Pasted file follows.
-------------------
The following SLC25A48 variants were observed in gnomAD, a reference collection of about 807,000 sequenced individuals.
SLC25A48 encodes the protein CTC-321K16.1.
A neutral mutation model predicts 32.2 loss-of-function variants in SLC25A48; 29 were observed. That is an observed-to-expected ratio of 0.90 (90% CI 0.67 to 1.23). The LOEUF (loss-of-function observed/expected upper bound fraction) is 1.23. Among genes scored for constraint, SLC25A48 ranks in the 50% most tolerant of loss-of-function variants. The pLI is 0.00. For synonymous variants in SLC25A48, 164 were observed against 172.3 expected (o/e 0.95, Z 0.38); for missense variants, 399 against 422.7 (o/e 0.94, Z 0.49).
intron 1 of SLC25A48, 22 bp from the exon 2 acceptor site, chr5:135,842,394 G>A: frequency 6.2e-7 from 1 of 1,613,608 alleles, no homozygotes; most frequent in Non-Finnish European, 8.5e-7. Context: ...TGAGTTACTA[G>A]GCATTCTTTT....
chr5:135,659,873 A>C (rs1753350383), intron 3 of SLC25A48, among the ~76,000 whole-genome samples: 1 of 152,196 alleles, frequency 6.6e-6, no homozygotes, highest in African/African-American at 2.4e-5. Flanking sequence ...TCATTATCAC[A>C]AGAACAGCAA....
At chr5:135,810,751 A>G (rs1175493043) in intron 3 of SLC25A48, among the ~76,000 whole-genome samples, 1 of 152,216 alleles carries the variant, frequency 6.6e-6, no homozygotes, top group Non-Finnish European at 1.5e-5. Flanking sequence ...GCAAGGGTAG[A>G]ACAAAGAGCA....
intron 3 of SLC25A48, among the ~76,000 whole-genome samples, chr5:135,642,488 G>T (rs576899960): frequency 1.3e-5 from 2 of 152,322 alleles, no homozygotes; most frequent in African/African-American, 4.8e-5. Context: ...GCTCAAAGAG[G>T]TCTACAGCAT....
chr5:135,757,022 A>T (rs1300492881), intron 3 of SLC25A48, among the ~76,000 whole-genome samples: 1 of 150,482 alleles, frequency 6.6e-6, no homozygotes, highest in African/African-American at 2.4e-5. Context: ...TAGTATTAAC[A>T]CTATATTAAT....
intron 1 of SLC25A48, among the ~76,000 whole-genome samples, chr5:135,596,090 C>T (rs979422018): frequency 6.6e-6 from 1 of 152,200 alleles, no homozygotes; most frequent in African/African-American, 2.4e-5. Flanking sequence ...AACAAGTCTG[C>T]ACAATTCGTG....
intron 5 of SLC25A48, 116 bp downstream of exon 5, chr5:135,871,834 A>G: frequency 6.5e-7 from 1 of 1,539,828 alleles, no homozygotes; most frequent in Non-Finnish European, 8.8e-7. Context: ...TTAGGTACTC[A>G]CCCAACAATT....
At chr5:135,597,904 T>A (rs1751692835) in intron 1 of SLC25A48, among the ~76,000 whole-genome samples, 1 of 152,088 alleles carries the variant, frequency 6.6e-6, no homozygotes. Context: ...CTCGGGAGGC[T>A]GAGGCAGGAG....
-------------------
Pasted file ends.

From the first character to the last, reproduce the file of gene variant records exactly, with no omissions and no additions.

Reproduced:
The following SLC25A48 variants were observed in gnomAD, a reference collection of about 807,000 sequenced individuals.
SLC25A48 encodes the protein CTC-321K16.1.
A neutral mutation model predicts 32.2 loss-of-function variants in SLC25A48; 29 were observed. That is an observed-to-expected ratio of 0.90 (90% CI 0.67 to 1.23). The LOEUF (loss-of-function observed/expected upper bound fraction) is 1.23. Among genes scored for constraint, SLC25A48 ranks in the 50% most tolerant of loss-of-function variants. The pLI is 0.00. For synonymous variants in SLC25A48, 164 were observed against 172.3 expected (o/e 0.95, Z 0.38); for missense variants, 399 against 422.7 (o/e 0.94, Z 0.49).
intron 1 of SLC25A48, 22 bp from the exon 2 acceptor site, chr5:135,842,394 G>A: frequency 6.2e-7 from 1 of 1,613,608 alleles, no homozygotes; most frequent in Non-Finnish European, 8.5e-7. Context: ...TGAGTTACTA[G>A]GCATTCTTTT....
chr5:135,659,873 A>C (rs1753350383), intron 3 of SLC25A48, among the ~76,000 whole-genome samples: 1 of 152,196 alleles, frequency 6.6e-6, no homozygotes, highest in African/African-American at 2.4e-5. Flanking sequence ...TCATTATCAC[A>C]AGAACAGCAA....
At chr5:135,810,751 A>G (rs1175493043) in intron 3 of SLC25A48, among the ~76,000 whole-genome samples, 1 of 152,216 alleles carries the variant, frequency 6.6e-6, no homozygotes, top group Non-Finnish European at 1.5e-5. Flanking sequence ...GCAAGGGTAG[A>G]ACAAAGAGCA....
intron 3 of SLC25A48, among the ~76,000 whole-genome samples, chr5:135,642,488 G>T (rs576899960): frequency 1.3e-5 from 2 of 152,322 alleles, no homozygotes; most frequent in African/African-American, 4.8e-5. Context: ...GCTCAAAGAG[G>T]TCTACAGCAT....
chr5:135,757,022 A>T (rs1300492881), intron 3 of SLC25A48, among the ~76,000 whole-genome samples: 1 of 150,482 alleles, frequency 6.6e-6, no homozygotes, highest in African/African-American at 2.4e-5. Context: ...TAGTATTAAC[A>T]CTATATTAAT....
intron 1 of SLC25A48, among the ~76,000 whole-genome samples, chr5:135,596,090 C>T (rs979422018): frequency 6.6e-6 from 1 of 152,200 alleles, no homozygotes; most frequent in African/African-American, 2.4e-5. Flanking sequence ...AACAAGTCTG[C>T]ACAATTCGTG....
intron 5 of SLC25A48, 116 bp downstream of exon 5, chr5:135,871,834 A>G: frequency 6.5e-7 from 1 of 1,539,828 alleles, no homozygotes; most frequent in Non-Finnish European, 8.8e-7. Context: ...TTAGGTACTC[A>G]CCCAACAATT....
At chr5:135,597,904 T>A (rs1751692835) in intron 1 of SLC25A48, among the ~76,000 whole-genome samples, 1 of 152,088 alleles carries the variant, frequency 6.6e-6, no homozygotes. Context: ...CTCGGGAGGC[T>A]GAGGCAGGAG....